As Decree 349 came into force last week, Cuban artists protesting Decree 349 were arrested.
Artists included Tania Bruguera, currently exhibiting in Tate Modern’s Turbine Hall. Under Decree 349, the Cuban government had decreed that any art not sponsored by the government would be impounded, the artists who made it arrested, along with any supporter, buyer of art, venue that put on art events and so on, would also face huge fines and arrests. This covers art made in public or private spaces.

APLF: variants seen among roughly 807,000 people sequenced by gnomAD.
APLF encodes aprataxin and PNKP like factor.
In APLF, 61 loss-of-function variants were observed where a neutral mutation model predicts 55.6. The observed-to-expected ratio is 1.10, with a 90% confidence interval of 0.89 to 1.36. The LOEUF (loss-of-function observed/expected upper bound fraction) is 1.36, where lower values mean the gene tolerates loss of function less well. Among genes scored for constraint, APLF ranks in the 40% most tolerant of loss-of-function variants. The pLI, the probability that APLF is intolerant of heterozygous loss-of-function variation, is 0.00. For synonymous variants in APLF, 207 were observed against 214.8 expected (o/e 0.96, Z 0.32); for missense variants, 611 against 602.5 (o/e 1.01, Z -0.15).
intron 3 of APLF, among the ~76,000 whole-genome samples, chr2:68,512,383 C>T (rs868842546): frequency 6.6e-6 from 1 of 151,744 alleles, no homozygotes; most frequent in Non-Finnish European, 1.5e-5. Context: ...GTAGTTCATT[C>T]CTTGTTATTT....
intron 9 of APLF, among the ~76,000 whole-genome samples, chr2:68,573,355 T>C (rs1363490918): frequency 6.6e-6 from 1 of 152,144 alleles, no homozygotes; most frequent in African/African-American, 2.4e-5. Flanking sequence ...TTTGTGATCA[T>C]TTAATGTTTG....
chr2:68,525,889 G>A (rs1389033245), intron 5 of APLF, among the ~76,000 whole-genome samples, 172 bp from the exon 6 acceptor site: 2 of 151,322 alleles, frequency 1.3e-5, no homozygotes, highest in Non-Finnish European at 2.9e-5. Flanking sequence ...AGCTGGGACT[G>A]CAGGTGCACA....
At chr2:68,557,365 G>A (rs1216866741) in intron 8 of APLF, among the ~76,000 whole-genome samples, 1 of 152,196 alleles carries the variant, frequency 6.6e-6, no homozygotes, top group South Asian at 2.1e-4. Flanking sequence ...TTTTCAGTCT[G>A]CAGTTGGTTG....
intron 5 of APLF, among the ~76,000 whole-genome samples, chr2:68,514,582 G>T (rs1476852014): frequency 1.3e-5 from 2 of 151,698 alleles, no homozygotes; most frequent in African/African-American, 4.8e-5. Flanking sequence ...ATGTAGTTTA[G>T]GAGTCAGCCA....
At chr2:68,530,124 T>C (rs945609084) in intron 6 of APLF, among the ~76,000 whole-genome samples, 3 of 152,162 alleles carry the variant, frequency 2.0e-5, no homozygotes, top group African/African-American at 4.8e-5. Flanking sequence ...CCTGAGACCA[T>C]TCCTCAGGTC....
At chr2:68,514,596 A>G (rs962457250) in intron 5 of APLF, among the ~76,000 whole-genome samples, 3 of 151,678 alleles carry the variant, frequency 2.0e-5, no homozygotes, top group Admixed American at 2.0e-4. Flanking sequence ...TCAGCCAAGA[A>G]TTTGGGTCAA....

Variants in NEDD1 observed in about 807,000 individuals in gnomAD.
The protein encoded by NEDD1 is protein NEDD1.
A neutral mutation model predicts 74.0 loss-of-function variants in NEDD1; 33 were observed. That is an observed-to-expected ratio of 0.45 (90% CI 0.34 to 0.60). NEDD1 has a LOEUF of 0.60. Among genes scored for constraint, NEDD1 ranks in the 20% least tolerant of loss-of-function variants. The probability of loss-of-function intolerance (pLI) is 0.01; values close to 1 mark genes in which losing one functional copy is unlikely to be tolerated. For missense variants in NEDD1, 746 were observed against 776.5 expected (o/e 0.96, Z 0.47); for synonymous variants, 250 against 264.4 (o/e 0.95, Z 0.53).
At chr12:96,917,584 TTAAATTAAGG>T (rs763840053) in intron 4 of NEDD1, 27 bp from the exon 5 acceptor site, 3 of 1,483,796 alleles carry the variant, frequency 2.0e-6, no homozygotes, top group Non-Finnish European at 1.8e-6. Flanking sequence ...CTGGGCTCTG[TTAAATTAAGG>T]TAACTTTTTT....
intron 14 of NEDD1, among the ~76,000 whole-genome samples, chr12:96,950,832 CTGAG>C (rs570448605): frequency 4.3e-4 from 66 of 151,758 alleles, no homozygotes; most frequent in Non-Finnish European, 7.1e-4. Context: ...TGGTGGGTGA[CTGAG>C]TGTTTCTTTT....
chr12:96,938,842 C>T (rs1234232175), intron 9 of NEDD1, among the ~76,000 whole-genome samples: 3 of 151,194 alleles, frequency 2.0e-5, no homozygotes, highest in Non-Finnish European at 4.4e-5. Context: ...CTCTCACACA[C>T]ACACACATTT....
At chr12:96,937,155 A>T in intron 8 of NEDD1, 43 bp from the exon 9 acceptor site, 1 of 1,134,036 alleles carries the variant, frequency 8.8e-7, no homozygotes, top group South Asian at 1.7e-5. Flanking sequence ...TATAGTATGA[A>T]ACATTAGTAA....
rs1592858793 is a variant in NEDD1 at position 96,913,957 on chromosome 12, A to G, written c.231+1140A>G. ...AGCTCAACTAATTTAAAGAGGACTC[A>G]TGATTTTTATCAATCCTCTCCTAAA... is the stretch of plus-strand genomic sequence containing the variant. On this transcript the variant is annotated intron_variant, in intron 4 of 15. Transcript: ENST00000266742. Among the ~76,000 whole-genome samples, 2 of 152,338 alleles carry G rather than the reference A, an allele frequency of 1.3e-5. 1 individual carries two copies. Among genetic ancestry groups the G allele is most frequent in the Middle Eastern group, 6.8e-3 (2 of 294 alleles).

International outcry – including a demonstration in Turbine Hall to show solidarity – has led the Cuban Government to climb down from this draconian position, and release the imprisoned artists. The government is also revising the ruling.
Speaking to the Art Newspaper, Cuba’s Vice Minister of Culture Fernando Rojas said that the measures were originally intended to allow officials to respond to public complaints against vulgarity in popular culture or misuse of socialist symbolism. But ultimately, the government failed to sufficiently explain the point of the new law to the public. “There wasn’t an advance explanation of the law and that’s one of the reasons for the controversy it unleashed,” he said.